3. Exosomes are MVs that can form inside an internal compartment like multivesicular endosome. Exosomes are released eventually due to fusion of this endosome with plasma membrane of cell.
  4. Hijacking of exosomal machinery by some viruses like retroviruses, wherein viruses bud inside multivesicular endosomes and get secreted subsequently as exosomes.

All these types (1-4) of modes of membrane vesicle trafficking, taking place in eukaryotic cells have been explained diagrammatically.[1]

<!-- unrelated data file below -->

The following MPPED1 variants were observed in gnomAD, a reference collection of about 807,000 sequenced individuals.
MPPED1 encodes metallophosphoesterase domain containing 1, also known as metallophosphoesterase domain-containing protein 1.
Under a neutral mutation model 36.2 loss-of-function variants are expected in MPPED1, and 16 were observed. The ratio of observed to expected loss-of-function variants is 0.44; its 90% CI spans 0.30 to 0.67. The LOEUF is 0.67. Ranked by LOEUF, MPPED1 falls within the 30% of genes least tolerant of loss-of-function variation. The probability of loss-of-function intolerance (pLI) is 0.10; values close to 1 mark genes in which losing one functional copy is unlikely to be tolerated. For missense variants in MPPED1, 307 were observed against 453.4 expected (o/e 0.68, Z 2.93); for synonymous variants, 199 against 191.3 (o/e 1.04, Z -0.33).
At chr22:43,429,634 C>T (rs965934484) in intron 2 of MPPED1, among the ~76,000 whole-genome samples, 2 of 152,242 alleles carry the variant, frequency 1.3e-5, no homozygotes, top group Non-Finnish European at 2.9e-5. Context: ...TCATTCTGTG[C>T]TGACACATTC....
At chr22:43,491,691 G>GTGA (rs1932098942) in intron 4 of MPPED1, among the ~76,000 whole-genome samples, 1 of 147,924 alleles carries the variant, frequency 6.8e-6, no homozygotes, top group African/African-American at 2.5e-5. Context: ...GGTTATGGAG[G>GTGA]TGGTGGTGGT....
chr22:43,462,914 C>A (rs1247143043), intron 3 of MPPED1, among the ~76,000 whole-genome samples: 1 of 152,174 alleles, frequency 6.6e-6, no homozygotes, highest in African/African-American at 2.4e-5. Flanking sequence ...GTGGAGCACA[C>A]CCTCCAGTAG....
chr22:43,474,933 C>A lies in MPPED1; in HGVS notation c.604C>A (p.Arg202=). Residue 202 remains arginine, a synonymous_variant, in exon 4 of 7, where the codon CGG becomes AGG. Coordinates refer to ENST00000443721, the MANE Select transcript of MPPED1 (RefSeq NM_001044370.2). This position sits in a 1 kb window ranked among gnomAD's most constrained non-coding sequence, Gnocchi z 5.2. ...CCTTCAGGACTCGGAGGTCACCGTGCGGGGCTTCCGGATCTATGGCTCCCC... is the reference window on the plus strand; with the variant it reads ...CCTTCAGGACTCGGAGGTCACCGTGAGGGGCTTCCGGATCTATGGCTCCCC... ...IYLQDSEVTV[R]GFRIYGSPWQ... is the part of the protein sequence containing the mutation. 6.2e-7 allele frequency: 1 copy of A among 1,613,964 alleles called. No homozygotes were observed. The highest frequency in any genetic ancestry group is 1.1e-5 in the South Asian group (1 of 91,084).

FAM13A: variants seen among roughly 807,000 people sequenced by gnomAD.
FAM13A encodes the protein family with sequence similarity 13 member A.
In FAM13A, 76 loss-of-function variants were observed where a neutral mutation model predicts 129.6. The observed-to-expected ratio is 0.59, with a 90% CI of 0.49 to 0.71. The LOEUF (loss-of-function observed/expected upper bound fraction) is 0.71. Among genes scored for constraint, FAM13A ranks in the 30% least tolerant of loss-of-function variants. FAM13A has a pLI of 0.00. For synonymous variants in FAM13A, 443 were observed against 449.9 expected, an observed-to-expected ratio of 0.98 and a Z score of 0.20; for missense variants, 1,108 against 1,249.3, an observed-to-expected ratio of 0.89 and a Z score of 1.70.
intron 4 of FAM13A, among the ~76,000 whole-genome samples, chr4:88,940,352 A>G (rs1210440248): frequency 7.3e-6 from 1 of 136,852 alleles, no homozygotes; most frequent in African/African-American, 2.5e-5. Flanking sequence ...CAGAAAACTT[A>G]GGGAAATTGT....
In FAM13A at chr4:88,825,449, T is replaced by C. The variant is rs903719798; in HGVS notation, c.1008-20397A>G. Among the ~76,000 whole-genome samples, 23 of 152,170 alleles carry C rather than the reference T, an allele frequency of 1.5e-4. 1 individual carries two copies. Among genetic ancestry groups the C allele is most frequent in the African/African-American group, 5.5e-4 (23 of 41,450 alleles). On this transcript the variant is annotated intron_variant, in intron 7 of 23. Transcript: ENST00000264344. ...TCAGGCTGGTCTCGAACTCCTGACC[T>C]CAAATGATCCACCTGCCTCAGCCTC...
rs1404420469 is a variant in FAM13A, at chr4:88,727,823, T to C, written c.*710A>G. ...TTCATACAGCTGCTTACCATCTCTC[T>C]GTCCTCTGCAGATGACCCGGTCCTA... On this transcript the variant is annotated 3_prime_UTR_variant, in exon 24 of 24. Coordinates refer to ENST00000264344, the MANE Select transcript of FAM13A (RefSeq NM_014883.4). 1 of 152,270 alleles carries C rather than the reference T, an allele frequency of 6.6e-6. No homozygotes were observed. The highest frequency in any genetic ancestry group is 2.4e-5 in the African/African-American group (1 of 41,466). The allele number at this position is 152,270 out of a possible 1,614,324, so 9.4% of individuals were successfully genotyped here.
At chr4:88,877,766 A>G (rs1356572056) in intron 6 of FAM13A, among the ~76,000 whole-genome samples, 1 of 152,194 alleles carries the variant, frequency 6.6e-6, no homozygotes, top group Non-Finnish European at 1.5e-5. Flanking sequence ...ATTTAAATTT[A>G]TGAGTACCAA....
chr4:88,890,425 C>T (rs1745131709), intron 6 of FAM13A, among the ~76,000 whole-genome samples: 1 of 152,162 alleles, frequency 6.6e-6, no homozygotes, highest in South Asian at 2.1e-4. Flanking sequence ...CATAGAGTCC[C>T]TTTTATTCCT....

In prokaryotesEdit

Unlike in eukaryotes, membrane vesicular trafficking in prokaryotes is an emerging area in interactive biology for intra-species (quorum sensing) and inter-species signaling at host-pathogen interface, as prokaryotes lack internal membrane-compartmentalization of their cytoplasm.